Fracking: A Contiguity-Related Redistricting Metric

Cervas, Jonathan and Bernard Grofman. 2021. "Fracking: A Contiguity-Related Redistricting Metric". August 31, 2021. https://electionlawblog.org/?p=124386

5 Pages Posted: 12 Oct 2021

See all articles by Jonathan Cervas

Jonathan Cervas

Carnegie Mellon University - Institute for Politics and Strategy

Bernard Grofman

University of California, Irvine

Multiple version iconThere are 2 versions of this paper

Date Written: August 29, 2021

Abstract

The aim of this short blog is to add a useful term, fracking, to the list of geographically defined redistricting criteria. Fracking is defined as a situation in which a county or city or other well-established political subunit is found in two or more discontiguous pieces within the same legislative or congressional district. This criterion has been identified by some courts and legislatures but had never been given a name. For example, in Common Cause v. Rucho No. 1:16-CV-1026 (U.S. District Court, Middle District of North Carolina, 2018, slip op at p. 105 [p. 194]) the North Carolina legislature is quoted as asserting that one of the districting criteria that it implicitly relied upon was that “a district line should not traverse a county line more than once.” This criterion was first labeled “fracking” by Bernard Grofman in his special master report in the Bethune-Hill racial gerrymandering case. Fracking can be used as a gerrymandering tool, with fracking that involves pieces whose racial or partisan composition differs from that of the geographic area between the fracks. The name was chosen to resonate with other terms in the redistricting literature that have been applied in the gerrymandering context: namely, cracking, stacking, and packing…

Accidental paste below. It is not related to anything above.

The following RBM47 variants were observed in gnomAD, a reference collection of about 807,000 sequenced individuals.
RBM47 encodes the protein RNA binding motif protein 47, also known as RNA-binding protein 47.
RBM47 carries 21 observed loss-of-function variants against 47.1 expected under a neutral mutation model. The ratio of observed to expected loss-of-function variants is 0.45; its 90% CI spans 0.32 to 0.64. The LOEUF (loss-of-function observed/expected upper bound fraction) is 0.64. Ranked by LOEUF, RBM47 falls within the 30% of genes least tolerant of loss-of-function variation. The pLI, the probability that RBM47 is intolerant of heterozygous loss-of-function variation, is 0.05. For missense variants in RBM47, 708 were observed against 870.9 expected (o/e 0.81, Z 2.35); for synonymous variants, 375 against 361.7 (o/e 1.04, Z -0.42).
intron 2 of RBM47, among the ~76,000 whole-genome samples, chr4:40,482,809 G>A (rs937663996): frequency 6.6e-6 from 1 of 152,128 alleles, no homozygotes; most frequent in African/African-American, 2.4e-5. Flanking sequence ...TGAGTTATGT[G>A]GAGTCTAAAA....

Suggested Citation

Cervas, Jonathan and Grofman, Bernard, Fracking: A Contiguity-Related Redistricting Metric (August 29, 2021). Cervas, Jonathan and Bernard Grofman. 2021. "Fracking: A Contiguity-Related Redistricting Metric". August 31, 2021. https://electionlawblog.org/?p=124386, Available at SSRN: https://ssrn.com/abstract=3918044 or http://dx.doi.org/10.2139/ssrn.3918044

Jonathan Cervas (Contact Author)

Carnegie Mellon University - Institute for Politics and Strategy ( email )

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Bernard Grofman

University of California, Irvine ( email )

School of Social Sciences
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Irvine, CA 92697
United States
19497331094 (Phone)

HOME PAGE: http://www.socsci.uci.edu/~bgrofman/

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